We do like Sport Plus, though, with high revs and gears engaging bang-bang-bang! This setting is tuned for the track, but we find it just fine for the highway as well. It does not "learn," meaning it is predictable.
And finally, there's the inevitable kid stuff: For stoplight races, enter Launch Control. Put one foot on the brake, flat foot the throttle with the other, let the engine automatically rev to 6500 rpm and quickly take your foot off the brake. The 911 will let you reproduce maximum acceleration with minimum effort — anyone can do it — which is why we say the six-speed manual is still the perfect choice for this sports car. It remains unchanged.
Direct-injection technology, along with new air filters, a more free-flowing exhaust system, and reduced engine friction, have made both the 3.6-liter and the 3.8-liter horizontally opposed sixes more efficient and more powerful. The Carrera gets 345 hp, up from 325; the Carrera S is rated at 385, 30 more than before. The rev limiter now responsibly cuts into the fun at 7500 rpm, up from 7300. The oil system is upgraded for track use.
Porsche uses three different exhaust systems for different markets. The U.S. market gets the loudest of the three.
We have no complaints about the performance: The Carrera reaches 0-to-60 mph in a claimed 4.7 seconds and 0-to-100 mph in 10.4 seconds; top speed is 180 mph. Porsche's figures for the Carrera S are 4.5 seconds, 9.6 seconds, and 188 mph, respectively, with improved acceleration with Launch Control. Porsche's performance claims are notoriously conservative, however, as we recorded a 0-to-60-mph run in the previous Carrera in 4.3 seconds and 4.1 in the Carrera S — so expect acceleration times as much as a half-second quicker than Porsche's official figures when we test the car.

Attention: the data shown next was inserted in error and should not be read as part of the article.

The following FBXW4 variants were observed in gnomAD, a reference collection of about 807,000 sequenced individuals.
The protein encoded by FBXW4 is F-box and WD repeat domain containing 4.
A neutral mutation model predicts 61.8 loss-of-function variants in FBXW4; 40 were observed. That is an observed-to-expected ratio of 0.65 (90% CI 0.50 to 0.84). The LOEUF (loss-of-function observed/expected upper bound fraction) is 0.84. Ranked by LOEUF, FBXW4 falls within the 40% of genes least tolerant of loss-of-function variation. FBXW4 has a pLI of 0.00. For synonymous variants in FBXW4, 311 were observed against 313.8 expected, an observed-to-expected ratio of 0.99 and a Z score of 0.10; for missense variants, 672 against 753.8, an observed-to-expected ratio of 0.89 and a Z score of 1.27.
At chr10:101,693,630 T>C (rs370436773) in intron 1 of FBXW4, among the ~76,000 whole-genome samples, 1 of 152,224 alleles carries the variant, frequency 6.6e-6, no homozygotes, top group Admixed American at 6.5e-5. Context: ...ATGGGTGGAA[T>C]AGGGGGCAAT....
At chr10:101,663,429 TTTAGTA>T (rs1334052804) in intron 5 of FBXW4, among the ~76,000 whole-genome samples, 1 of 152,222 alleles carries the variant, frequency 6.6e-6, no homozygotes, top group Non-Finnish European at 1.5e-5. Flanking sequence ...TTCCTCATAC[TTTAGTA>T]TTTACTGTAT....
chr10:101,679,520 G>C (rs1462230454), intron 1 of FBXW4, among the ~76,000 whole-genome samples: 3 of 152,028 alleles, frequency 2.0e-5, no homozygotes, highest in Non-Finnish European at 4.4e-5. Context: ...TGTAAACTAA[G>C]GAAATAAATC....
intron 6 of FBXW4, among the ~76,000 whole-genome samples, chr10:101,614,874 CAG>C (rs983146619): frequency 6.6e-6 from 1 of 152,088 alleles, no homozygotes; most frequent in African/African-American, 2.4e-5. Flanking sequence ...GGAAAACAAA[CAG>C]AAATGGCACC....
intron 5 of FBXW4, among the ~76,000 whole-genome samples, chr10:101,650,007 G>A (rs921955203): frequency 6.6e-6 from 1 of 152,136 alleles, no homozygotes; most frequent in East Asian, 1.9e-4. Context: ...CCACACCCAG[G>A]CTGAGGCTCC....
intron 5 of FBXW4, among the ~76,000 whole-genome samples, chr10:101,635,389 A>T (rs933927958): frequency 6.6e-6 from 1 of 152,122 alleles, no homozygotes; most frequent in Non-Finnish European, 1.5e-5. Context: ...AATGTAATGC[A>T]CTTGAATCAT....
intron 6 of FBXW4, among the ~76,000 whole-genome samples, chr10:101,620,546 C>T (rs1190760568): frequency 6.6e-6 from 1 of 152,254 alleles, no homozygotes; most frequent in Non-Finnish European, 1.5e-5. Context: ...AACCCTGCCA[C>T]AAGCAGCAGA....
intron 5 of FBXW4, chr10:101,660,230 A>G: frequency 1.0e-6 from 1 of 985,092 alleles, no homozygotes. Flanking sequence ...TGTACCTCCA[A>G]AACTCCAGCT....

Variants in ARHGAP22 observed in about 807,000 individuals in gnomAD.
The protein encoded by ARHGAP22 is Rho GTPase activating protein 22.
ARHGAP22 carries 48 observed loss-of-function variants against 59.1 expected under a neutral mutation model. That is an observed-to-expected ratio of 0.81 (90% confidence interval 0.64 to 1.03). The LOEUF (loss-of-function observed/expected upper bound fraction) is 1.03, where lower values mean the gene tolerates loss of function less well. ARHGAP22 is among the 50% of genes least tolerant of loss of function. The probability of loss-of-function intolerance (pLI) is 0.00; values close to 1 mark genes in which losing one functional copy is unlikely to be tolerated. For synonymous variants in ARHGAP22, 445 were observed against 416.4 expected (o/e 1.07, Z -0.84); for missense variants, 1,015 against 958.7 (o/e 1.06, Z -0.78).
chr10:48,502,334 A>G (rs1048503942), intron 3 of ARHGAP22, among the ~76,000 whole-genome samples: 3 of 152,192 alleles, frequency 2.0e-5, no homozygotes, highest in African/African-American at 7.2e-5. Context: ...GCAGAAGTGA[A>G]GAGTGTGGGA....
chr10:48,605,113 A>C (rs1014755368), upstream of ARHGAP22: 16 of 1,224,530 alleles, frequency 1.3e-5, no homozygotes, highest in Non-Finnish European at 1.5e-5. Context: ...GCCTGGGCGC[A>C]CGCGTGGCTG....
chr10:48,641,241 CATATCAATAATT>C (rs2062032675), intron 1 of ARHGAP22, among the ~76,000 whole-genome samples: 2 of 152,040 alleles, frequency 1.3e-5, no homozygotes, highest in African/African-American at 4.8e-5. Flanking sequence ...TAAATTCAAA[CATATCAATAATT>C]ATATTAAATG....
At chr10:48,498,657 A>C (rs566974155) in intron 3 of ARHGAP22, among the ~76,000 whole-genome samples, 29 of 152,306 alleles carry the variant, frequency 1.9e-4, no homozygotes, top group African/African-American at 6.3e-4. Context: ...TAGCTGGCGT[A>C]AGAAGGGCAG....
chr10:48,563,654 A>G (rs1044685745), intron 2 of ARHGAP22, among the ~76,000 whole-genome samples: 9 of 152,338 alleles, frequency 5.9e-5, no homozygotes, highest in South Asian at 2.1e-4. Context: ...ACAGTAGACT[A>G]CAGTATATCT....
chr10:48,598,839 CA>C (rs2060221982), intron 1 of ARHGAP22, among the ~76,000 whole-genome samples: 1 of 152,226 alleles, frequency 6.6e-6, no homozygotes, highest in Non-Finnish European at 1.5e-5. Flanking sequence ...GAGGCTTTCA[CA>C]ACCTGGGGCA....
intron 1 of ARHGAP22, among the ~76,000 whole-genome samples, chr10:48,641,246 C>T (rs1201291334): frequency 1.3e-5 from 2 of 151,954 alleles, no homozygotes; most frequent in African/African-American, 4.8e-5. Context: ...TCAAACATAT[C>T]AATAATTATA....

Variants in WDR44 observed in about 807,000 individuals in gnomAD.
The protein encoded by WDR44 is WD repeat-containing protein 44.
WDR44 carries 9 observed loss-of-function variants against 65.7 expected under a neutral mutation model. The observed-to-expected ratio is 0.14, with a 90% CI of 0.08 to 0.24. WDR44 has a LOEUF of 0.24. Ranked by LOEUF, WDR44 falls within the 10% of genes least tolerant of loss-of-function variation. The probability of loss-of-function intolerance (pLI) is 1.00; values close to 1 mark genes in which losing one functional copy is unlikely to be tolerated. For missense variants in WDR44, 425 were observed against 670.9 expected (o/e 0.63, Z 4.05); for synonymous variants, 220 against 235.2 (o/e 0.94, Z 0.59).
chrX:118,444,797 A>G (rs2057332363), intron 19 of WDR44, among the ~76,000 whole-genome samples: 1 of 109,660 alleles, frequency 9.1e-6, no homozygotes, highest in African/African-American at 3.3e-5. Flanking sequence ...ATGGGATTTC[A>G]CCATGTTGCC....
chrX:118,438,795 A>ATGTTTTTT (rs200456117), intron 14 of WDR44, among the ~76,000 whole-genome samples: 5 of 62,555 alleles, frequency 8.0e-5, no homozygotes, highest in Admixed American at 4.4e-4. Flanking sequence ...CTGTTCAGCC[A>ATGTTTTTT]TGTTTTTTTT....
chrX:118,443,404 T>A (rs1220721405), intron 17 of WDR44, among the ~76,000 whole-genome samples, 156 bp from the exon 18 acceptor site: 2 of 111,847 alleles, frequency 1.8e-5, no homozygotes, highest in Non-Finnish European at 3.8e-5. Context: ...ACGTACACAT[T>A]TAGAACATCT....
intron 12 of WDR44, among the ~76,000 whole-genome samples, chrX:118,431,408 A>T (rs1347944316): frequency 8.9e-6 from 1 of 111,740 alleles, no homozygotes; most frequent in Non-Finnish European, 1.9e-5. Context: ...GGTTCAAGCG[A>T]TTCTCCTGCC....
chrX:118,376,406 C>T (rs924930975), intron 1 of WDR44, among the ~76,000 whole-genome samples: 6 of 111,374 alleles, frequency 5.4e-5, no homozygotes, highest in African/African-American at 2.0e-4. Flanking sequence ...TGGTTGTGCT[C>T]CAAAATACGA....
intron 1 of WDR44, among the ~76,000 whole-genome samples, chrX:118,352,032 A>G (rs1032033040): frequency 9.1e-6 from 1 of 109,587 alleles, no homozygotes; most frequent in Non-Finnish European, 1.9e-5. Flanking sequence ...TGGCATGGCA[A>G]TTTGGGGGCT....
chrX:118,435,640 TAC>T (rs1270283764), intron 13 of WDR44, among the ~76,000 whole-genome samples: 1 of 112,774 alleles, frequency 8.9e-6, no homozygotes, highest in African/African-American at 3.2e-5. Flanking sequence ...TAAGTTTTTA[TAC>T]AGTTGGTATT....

Fuel economy as tested on the European combined city/highway loop is a respectable 24 mpg for the Carrera, 23 mpg for the Carrera S. This represents approximately 15 percent less consumption than the outgoing 911, which is pretty impressive considering the improved power.
Factory Tuning Package Expected Next Year
The chassis remains largely unchanged, with slightly modified springs and dampers. The previous model's optional sports suspension — only available with the manual transmission — is replaced with a variable, electronically controlled sports suspension based on the active PASM suspension. Fittingly, it is now available with the PDK double-clutch transmission. You might as well get as many electronic wizards as possible, right? On-road performance is great, but care is still advised when the road is slippery. Once the 911's heavy rear end comes swinging around, the stability control system has to put in overtime.
The 911 has not become lighter, but it did not put on a lot of weight either. The base Carrera gains roughly 50 pounds, from 3100 to 3150 pounds, convincingly explained to us as being the result of wider wheels and tires, larger brakes, and standard bi-xenon lights with a washer system and fluid. Weight of the Carrera S remains unchanged at 3150 pounds.
The 911 faces a more uncomfortable market environment than ever. While the Turbo needs to fend off the glamorous competition from Aston Martin, Bentley, and Lamborghini, the new Carrera and Carrera S models are under attack by the designer-cool Audi R8 and the cultish Nissan GT-R. And there's the low, sleek Lexus LF-A if it ever leaves prototype status.
Sales of the upgraded 911 start in September. Prices will range from $75,600 for the Carrera coupe; to $86,200 for both the Carrera cabriolet and the Carrera S coupe; to $96,800 for the Carrera S cabriolet.
Despite the strong competition, Porsche expects the U.S. market to take 20 to 25 percent of total 911 production, making it the single most-important market for the model. We expect it to do well. It's still a difficult car to top.